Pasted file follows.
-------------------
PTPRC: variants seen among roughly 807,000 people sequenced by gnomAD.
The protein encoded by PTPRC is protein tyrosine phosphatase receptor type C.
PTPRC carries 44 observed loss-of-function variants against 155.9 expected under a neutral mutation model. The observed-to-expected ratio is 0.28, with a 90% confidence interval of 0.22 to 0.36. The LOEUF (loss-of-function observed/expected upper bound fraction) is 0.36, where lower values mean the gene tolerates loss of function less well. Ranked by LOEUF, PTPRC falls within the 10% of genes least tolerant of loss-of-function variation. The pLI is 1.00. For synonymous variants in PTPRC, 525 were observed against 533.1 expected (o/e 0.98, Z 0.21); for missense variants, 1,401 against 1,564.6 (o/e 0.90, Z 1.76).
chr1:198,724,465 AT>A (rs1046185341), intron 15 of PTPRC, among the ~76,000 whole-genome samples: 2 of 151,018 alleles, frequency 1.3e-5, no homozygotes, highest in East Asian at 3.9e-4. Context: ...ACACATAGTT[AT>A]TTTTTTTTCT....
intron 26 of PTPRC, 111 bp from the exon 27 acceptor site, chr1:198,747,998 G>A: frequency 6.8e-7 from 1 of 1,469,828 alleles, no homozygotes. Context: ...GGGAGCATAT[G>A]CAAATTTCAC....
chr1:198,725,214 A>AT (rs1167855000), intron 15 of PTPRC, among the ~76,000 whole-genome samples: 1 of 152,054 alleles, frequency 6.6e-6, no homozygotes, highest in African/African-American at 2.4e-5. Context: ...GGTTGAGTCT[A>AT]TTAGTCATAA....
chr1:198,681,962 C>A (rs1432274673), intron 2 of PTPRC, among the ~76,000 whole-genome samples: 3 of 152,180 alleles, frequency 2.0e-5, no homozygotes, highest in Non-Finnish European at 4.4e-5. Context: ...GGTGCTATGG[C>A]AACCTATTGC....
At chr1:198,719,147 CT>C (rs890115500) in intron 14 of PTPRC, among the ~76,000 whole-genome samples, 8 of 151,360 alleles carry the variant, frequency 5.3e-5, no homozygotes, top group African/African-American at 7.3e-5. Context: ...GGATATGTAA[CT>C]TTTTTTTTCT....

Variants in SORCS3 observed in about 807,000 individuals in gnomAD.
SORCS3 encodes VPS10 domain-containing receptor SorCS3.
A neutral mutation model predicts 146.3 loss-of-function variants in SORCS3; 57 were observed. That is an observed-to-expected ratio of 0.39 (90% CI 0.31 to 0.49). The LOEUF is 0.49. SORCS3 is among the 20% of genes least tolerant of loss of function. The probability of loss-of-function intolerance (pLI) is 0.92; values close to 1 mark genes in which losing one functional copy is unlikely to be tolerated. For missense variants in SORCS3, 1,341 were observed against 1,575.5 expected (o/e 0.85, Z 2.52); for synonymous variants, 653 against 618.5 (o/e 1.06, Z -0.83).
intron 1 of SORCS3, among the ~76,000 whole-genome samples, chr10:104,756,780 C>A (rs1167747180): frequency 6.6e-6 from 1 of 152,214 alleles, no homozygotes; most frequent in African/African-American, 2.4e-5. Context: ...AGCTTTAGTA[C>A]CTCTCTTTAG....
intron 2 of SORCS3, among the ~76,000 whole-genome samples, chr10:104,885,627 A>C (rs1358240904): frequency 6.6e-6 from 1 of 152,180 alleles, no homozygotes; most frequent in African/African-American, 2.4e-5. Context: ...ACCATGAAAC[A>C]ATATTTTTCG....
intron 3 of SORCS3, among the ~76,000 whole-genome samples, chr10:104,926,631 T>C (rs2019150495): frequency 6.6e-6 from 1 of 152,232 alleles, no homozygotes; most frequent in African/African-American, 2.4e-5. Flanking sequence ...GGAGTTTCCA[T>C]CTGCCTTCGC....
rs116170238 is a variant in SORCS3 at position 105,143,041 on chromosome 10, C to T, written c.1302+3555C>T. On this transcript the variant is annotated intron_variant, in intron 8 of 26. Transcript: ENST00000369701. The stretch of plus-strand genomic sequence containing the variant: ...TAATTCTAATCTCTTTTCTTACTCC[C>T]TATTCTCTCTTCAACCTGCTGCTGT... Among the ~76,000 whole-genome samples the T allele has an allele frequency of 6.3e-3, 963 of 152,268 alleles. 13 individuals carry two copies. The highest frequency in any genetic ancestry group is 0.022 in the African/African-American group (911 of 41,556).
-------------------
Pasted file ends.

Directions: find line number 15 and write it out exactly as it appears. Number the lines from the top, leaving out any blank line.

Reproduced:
rs116170238 is a variant in SORCS3 at position 105,143,041 on chromosome 10, C to T, written c.1302+3555C>T. On this transcript the variant is annotated intron_variant, in intron 8 of 26. Transcript: ENST00000369701. The stretch of plus-strand genomic sequence containing the variant: ...TAATTCTAATCTCTTTTCTTACTCC[C>T]TATTCTCTCTTCAACCTGCTGCTGT... Among the ~76,000 whole-genome samples the T allele has an allele frequency of 6.3e-3, 963 of 152,268 alleles. 13 individuals carry two copies. The highest frequency in any genetic ancestry group is 0.022 in the African/African-American group (911 of 41,556).